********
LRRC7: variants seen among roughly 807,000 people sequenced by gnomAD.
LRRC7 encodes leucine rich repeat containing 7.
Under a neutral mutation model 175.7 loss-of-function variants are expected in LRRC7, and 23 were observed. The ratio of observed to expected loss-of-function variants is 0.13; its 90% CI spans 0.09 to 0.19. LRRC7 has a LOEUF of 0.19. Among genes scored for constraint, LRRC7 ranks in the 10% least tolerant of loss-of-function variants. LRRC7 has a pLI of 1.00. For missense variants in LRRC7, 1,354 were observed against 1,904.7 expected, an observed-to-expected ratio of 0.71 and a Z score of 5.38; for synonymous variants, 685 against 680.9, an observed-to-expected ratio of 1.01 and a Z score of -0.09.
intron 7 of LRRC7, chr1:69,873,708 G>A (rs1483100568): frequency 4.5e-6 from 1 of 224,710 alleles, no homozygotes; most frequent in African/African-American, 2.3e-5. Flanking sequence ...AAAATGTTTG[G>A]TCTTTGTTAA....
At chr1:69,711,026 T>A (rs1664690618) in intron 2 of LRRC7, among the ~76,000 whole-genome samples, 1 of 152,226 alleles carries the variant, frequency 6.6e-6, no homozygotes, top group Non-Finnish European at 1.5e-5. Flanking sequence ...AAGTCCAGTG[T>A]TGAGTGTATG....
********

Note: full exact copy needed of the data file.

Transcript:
LRRC7: variants seen among roughly 807,000 people sequenced by gnomAD.
LRRC7 encodes leucine rich repeat containing 7.
Under a neutral mutation model 175.7 loss-of-function variants are expected in LRRC7, and 23 were observed. The ratio of observed to expected loss-of-function variants is 0.13; its 90% CI spans 0.09 to 0.19. LRRC7 has a LOEUF of 0.19. Among genes scored for constraint, LRRC7 ranks in the 10% least tolerant of loss-of-function variants. LRRC7 has a pLI of 1.00. For missense variants in LRRC7, 1,354 were observed against 1,904.7 expected, an observed-to-expected ratio of 0.71 and a Z score of 5.38; for synonymous variants, 685 against 680.9, an observed-to-expected ratio of 1.01 and a Z score of -0.09.
intron 7 of LRRC7, chr1:69,873,708 G>A (rs1483100568): frequency 4.5e-6 from 1 of 224,710 alleles, no homozygotes; most frequent in African/African-American, 2.3e-5. Flanking sequence ...AAAATGTTTG[G>A]TCTTTGTTAA....
At chr1:69,711,026 T>A (rs1664690618) in intron 2 of LRRC7, among the ~76,000 whole-genome samples, 1 of 152,226 alleles carries the variant, frequency 6.6e-6, no homozygotes, top group Non-Finnish European at 1.5e-5. Flanking sequence ...AAGTCCAGTG[T>A]TGAGTGTATG....